Point-Slope Form 03:36 minutes

Video Transcript

Transcript Point-Slope Form

A trio of busy business beavers gets together to make plans for the current year’s production of logs. Last year was problematic and they don't want to make the same mistake this year.

Last year, the beavers took a long vacation in the middle of the year and they had to work a lot of overtime just to reach their yearly goal. A member of the group has something to say about the plan, but the boss beaver won't let him speak.

The big boss goes on and on and on... The boss wants to plan for steady production throughout all twelve months. To figure this out, the beavers need some help calculating the equation of a line. Let's help them.

Point-slope Form and Slope Formula

The beavers, and you, can use two equations to figure out a steady production plan: the point-slope form & slope formula. I'll write the formulas down.

M stands for the slope of a line. Why M? No one knows for sure. What we do know is ordered pairs (x1, y1) and (x2, y2) are known points on the line, and the ordered pair (x, y) is any unknown point on the line.

Note how these two formulas are really just the same formula presented in two different ways. Why do we need to use two versions of the same formula? Well, stay tuned and you’ll see why two is better than one.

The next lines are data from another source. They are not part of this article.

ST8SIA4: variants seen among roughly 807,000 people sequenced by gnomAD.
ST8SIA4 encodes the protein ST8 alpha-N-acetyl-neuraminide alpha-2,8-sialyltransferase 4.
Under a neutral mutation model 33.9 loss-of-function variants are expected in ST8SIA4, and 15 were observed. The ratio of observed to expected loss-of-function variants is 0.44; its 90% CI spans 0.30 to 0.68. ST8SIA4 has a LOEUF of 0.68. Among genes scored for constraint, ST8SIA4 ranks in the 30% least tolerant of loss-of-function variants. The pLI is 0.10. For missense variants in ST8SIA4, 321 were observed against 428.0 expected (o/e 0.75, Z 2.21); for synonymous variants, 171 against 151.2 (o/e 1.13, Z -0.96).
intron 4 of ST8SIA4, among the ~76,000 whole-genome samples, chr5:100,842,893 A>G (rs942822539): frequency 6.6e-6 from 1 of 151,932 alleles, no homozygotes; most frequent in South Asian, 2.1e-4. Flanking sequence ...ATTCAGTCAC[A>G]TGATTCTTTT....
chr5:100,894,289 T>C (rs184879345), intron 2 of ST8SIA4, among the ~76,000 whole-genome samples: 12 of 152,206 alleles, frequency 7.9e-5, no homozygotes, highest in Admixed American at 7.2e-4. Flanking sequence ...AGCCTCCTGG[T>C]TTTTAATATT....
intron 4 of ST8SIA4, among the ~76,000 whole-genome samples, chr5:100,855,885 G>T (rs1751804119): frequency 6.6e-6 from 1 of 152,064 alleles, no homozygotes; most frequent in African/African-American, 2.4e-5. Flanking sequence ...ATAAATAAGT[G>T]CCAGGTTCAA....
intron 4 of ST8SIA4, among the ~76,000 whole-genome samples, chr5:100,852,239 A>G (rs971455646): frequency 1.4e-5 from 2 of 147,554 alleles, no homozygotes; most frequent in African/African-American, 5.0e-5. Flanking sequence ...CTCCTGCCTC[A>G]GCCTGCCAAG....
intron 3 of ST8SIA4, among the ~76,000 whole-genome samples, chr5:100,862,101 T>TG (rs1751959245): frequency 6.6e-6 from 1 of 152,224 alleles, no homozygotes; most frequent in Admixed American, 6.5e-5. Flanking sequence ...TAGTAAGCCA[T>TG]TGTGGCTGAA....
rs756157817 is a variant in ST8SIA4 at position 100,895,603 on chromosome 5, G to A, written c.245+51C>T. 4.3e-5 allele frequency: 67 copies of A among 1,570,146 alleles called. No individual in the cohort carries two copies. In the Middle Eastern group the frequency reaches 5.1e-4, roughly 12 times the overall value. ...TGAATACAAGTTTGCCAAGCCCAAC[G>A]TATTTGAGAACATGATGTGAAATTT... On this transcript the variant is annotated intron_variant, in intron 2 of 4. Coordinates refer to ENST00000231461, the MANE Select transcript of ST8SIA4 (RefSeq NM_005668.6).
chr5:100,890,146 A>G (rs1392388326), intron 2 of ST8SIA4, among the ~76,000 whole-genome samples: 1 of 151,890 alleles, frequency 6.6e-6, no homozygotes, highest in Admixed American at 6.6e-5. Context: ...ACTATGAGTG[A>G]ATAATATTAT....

Point-slope Form Calculation 1

At the beginning of the year, the busy beavers have 20 logs in storage. To make sure they have enough logs for the annual winter festival, they need to have 180 logs in storage by the end of the tenth month.

Based on this steady production schedule, for each month, how many logs do the beavers need to produce and store?

To solve this problem, since we do know two points on the line, but we don't know the slope. The formula to determine the slope of the line is the best choice.

M is equal to difference of the two y-coordinates divided by the difference of the two x coordinates. Let's plug in the numbers.

The slope is equal to 180 minus 20 over 10 minus zero, that’s 160 over ten, which is equal to 16. To meet their production goal, they must produce 16 logs each and every month.

Point-slope Form Calculation 2

And, if they stay on this same production schedule, how many logs will they have in storage at the end of the twelve months?

Since we know the slope is equal to 16, and we know at least one point on the line, the point-slope form is easier to use to calculate the number of logs that will be produced and stored at the end of 12 months - if the beavers can stay on schedule, that is.

  • Plug the numbers into the formula, y minus y1 is equal to the slope times the difference of x and x1.
  • When we evaluate this, we get: Y is equal to two hundred twelve.

Awesome, problem solved! Check out the graph!

Now the beavers can get to work, to stay on schedule, they must produce 16 logs every month. That same member of the committee is still trying to speak, but the big boss only wants to listen to himself talk. I wonder what he wants to say.

Oh no! There’re no more trees! That must be what he was trying to say all along. I guess it's back to the drawing board...